427CI Big-Block Tri-Power V8 Engine: 1967

1967 L68 427CI engine in open hood of white C2 Corvette

By the mid-1960s, big-block performance was all the rage. This is a point that was not lost on those at the helm of GM, as the Corvette’s options sheet began showcasing a number of high-displacement big-blocks. One such available powerplant was the 427CI Tri-Power V8. This engine served as a high-output variant of the previously mentioned 427CI big-block.

This powerful big block, dubbed L68, packed plenty of punch, yet was offered for only $326 over the Corvette’s base price in 1967. The L68 also proved quite simple to maintain, due primarily to its use of hydraulic lifters, as opposed to the solid lifters found in many other variants of the 427CI big-block.

The L68 427CI Tri-Power is perhaps the most under-valued of all Corvette big blocks during the era in which it was produced. Only 2,072 L68-equipped Corvettes were ever produced, making cars of this lineage somewhat scarce today. Nonetheless, with 400 horsepower on-tap, the 427CI Tri-Power V8 was nothing less than noteworthy in its own right.

427CI Tri-Power V8 (L68) Specs:

  • Horsepower: 400 hp @ 5,200 rpm
  • Torque: 460 lb./ft. @ 4,000 rpm
  • Compression Ratio: 10.25:1
  • Displacement: 427 cubic inches
  • Cylinder Bore: 4.00” (101.6 mm)
  • Stroke: 3.26” (82.80 mm)

427CI Big-Block L72 Engine: 1966

1966 427CI L72 Big block engine in hood of blue C2 CorvetteVia

The 427CI L72 big-block served as the most powerful engine available for the Corvette during the 1966 model year. This power plant produced 425 horsepower, as well as 460 lb-ft of torque. Interestingly enough, when initially released, the L72’s output was rated at 450 horsepower, though his value was subsequently reduced, at least on paper.

Interestingly enough, the 427CI L72 big-block did not stay around for long. In fact, this powerplant was only offered for the Corvette during the 1966 model year. By 1967, the L72 had been wiped from the Corvette’s option sheet, ultimately being replaced by the new L71 big-block.

During the 1966 model year, a total of 5,528 Corvettes left the factory equipped with a 427CI L72 big-block. Additionally, this powerplant was utilized by other GM models through the 1969 production year, including the Caprice, Impala, Bel Air, Chevelle, and Camaro.

427CI V8 (L72) Specs:

  • Horsepower: 425 hp @ 5,200 rpm
  • Torque: 460 lb./ft. @ 4,000 rpm
  • Compression Ratio: 11.0:1
  • Displacement: 427 cubic inches
  • Cylinder Bore: 4.27” (108.45 mm)
  • Stroke: 3.76” (95.50 mm)

427CI Big-Block L71 Engine: 1967

1967 L71 Corvette engine in open hood of black C2 CorvetteVia

GM took big-block production one step further during the 1967 model year, with the release of the 427 cubic-inch L71 V8. This powerplant was quite similar to the L72 before it, with a few minor differences. The most significant was the L71’s carburetor/intake layout, as well as the engine’s slightly higher horsepower rating.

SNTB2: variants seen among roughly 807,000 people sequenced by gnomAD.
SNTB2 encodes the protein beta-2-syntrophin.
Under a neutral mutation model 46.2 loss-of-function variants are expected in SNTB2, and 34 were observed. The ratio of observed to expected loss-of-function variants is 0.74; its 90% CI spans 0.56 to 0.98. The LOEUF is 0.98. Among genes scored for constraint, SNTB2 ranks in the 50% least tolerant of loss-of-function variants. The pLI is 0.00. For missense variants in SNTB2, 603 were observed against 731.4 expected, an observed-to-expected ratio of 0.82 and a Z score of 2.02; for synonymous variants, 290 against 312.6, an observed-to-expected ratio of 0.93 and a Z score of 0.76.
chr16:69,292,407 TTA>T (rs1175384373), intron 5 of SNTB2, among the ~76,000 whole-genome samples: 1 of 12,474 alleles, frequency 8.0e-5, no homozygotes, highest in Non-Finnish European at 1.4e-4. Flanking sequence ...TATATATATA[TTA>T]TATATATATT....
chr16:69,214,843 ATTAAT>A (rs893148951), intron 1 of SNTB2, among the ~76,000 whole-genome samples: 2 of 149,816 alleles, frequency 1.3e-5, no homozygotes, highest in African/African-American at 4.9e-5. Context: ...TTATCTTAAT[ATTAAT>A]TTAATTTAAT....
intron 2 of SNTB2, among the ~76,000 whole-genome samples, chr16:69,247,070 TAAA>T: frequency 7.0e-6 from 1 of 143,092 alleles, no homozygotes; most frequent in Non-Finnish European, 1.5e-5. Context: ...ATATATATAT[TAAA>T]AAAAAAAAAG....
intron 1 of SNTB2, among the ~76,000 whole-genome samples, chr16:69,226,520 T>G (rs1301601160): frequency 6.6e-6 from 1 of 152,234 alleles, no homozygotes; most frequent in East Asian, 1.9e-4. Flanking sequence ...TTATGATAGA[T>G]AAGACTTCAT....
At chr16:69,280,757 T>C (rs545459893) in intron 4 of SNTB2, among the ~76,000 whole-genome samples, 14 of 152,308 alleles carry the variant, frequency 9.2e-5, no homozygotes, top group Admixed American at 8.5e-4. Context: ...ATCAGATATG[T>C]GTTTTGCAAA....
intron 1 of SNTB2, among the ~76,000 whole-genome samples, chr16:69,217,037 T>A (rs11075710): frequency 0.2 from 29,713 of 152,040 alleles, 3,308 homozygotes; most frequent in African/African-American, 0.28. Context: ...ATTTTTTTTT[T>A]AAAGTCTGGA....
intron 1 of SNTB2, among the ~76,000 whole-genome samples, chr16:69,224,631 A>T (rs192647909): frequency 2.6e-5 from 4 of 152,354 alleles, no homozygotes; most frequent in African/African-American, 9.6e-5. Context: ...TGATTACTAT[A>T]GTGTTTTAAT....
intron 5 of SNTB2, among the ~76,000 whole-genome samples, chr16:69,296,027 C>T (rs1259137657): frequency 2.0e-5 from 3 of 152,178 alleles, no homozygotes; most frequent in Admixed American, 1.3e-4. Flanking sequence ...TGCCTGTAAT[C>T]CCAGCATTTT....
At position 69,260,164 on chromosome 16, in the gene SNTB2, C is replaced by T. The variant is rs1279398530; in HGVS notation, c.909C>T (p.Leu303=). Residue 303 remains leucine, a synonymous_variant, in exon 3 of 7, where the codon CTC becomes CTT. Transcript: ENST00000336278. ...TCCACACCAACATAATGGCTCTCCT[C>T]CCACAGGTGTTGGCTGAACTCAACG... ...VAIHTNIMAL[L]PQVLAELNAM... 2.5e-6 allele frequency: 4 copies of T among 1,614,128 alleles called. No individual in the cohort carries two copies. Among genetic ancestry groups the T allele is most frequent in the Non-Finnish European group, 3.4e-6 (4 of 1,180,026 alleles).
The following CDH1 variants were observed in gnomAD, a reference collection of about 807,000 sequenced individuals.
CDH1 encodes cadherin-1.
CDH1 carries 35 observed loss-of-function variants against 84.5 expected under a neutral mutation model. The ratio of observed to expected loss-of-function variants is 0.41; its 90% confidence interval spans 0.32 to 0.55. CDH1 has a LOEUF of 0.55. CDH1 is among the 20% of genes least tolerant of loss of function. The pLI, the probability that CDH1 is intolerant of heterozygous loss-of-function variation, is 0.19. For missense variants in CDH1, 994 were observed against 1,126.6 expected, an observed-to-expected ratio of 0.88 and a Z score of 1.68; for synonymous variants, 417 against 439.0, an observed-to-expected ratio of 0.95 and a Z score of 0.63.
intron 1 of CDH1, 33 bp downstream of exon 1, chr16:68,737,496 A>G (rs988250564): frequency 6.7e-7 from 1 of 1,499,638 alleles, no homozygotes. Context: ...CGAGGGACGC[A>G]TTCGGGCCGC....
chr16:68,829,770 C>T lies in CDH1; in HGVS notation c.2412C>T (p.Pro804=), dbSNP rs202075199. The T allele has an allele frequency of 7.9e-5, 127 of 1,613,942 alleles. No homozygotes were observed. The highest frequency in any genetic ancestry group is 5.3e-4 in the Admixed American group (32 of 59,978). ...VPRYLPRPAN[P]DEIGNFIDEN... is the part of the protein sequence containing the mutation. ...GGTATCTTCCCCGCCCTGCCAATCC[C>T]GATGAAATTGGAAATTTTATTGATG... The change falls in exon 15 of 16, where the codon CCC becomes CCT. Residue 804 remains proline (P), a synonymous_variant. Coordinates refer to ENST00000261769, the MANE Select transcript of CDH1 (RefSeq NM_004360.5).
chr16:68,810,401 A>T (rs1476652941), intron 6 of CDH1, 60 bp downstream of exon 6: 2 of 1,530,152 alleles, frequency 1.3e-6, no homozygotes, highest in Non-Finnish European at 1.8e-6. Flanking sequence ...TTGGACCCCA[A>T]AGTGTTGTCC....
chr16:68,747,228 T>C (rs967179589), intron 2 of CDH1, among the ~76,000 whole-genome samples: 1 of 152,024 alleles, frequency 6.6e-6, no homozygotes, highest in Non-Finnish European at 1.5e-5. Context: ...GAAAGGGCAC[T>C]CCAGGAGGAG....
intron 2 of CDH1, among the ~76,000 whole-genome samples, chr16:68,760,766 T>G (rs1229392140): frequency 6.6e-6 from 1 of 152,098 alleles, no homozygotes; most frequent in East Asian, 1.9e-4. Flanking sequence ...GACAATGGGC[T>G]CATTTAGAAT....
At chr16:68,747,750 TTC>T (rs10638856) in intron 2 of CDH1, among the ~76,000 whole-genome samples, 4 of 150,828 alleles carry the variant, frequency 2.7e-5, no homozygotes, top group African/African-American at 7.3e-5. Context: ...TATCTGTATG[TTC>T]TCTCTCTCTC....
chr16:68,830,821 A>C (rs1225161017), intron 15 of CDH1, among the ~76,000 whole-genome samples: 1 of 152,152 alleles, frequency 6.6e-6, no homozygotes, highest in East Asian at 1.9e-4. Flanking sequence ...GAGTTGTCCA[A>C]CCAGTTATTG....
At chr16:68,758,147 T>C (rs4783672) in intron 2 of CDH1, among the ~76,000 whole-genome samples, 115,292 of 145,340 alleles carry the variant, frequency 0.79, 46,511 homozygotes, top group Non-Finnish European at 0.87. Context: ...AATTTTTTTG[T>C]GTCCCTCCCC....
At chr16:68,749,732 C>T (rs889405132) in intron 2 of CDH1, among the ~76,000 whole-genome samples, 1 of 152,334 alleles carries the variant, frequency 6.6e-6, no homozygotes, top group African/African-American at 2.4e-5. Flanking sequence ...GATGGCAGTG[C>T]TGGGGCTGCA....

While the earlier L72 big-block utilized a single four-barrel carburetor, the L71 featured three individual double-barrel carbs. This arrangement, paired with an aggressive solid-lifter camshaft, made the L71 a potent contender. A custom-spec intake manifold, designed specifically for the L71, also came as standard fare.

Interestingly enough, the L71’s rated output caused waves of its own, but not for reasons you might expect. Prior to the L71’s release, major auto manufacturers steered clear of publishing any official output ratings in excess of 425 horsepower, in a bid to keep safety-conscious government entities and insurance companies at bay. The L71 broke this mold in striking fashion.

427CI V8 (L71) Specs:

  • Horsepower: 435 hp @ 5,200 rpm
  • Torque: 460 lb./ft. @ 4,000 rpm
  • Compression Ratio: 11.0:1
  • Displacement: 427 cubic inches
  • Cylinder Bore: 4.25” (107.95 mm)
  • Stroke: 3.76” (95.50 mm)

427CI Big-Block L88 Engine: 1967-69

1967 L88 427CI Big Block engine under hood of black C2 Corvette

Make no mistake, the L88 427 CI big-block was nothing short of a pure-bred race engine. At the time, GM had bowed out of participation in factory-backed racing, in adherence to the infamous AMA-ban of the era.

However, those in the know could still order a race-ready Corvette, by simply hand-picking the right combination of RPO codes at the time of purchase. The L88 itself was the motivating force behind this backdoor racer.

Perhaps most intriguing, is the fact that most are in agreement that the L88’s output was purposefully downplayed. Though this powerplant “officially” produces 430 horsepower, most reports estimate that the L88 actually turned out much closer to 550 horsepower. However, advertising the L88’s output as such would have likely prevented its actual release to the public.

Much of the L88’s power came courtesy of an extremely aggressive solid-lifter camshaft, and a 12.5:1 compression ratio. The L88 was also supplied with fuel via a monstrous 850-cfm Holley carburetor. Ironically, this was the largest Holley carburetor ever paired to a production GM engine.

427CI V8 (L88) Specs:

  • Horsepower: 430 hp @ 5,200 rpm
  • Torque: 460 lb./ft. @ 4,000 rpm
  • Compression Ratio: 12.5:1
  • Displacement: 427 cubic inches
  • Cylinder Bore: 4.25” (108 mm)
  • Stroke: 3.76” (95.2 mm)

Want to learn more about Corvette engines? Check out our list of every C1 Corvette engine ever made.